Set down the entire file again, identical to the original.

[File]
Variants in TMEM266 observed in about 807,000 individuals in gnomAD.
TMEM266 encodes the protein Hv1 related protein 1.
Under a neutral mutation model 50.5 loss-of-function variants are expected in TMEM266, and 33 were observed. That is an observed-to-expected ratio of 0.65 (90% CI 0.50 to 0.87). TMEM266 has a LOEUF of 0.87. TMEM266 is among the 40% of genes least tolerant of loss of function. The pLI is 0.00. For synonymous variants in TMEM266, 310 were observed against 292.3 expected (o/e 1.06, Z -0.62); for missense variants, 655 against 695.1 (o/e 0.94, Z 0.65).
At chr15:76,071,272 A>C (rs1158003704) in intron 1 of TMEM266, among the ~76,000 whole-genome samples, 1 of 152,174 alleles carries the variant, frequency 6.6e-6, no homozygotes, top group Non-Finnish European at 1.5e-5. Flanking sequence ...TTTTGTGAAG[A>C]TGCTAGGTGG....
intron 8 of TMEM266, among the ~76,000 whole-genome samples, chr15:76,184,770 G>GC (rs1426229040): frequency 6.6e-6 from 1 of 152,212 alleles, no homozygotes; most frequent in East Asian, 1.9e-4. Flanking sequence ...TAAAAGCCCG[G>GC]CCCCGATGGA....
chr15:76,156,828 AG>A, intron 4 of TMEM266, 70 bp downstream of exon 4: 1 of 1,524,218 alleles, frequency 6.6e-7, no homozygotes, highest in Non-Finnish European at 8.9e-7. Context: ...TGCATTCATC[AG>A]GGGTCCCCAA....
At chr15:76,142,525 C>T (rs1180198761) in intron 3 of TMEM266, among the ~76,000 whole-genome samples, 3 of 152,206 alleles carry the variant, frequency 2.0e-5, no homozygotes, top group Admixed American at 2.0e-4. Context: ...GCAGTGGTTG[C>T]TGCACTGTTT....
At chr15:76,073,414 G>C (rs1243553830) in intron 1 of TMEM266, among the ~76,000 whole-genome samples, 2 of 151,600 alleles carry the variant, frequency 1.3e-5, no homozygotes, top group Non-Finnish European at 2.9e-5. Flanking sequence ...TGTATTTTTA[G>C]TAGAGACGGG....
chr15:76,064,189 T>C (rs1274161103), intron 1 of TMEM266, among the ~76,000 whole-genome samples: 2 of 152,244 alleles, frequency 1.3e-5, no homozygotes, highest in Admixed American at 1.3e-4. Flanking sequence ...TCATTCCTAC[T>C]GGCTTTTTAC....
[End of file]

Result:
Variants in TMEM266 observed in about 807,000 individuals in gnomAD.
TMEM266 encodes the protein Hv1 related protein 1.
Under a neutral mutation model 50.5 loss-of-function variants are expected in TMEM266, and 33 were observed. That is an observed-to-expected ratio of 0.65 (90% CI 0.50 to 0.87). TMEM266 has a LOEUF of 0.87. TMEM266 is among the 40% of genes least tolerant of loss of function. The pLI is 0.00. For synonymous variants in TMEM266, 310 were observed against 292.3 expected (o/e 1.06, Z -0.62); for missense variants, 655 against 695.1 (o/e 0.94, Z 0.65).
At chr15:76,071,272 A>C (rs1158003704) in intron 1 of TMEM266, among the ~76,000 whole-genome samples, 1 of 152,174 alleles carries the variant, frequency 6.6e-6, no homozygotes, top group Non-Finnish European at 1.5e-5. Flanking sequence ...TTTTGTGAAG[A>C]TGCTAGGTGG....
intron 8 of TMEM266, among the ~76,000 whole-genome samples, chr15:76,184,770 G>GC (rs1426229040): frequency 6.6e-6 from 1 of 152,212 alleles, no homozygotes; most frequent in East Asian, 1.9e-4. Flanking sequence ...TAAAAGCCCG[G>GC]CCCCGATGGA....
chr15:76,156,828 AG>A, intron 4 of TMEM266, 70 bp downstream of exon 4: 1 of 1,524,218 alleles, frequency 6.6e-7, no homozygotes, highest in Non-Finnish European at 8.9e-7. Context: ...TGCATTCATC[AG>A]GGGTCCCCAA....
At chr15:76,142,525 C>T (rs1180198761) in intron 3 of TMEM266, among the ~76,000 whole-genome samples, 3 of 152,206 alleles carry the variant, frequency 2.0e-5, no homozygotes, top group Admixed American at 2.0e-4. Context: ...GCAGTGGTTG[C>T]TGCACTGTTT....
At chr15:76,073,414 G>C (rs1243553830) in intron 1 of TMEM266, among the ~76,000 whole-genome samples, 2 of 151,600 alleles carry the variant, frequency 1.3e-5, no homozygotes, top group Non-Finnish European at 2.9e-5. Flanking sequence ...TGTATTTTTA[G>C]TAGAGACGGG....
chr15:76,064,189 T>C (rs1274161103), intron 1 of TMEM266, among the ~76,000 whole-genome samples: 2 of 152,244 alleles, frequency 1.3e-5, no homozygotes, highest in Admixed American at 1.3e-4. Flanking sequence ...TCATTCCTAC[T>C]GGCTTTTTAC....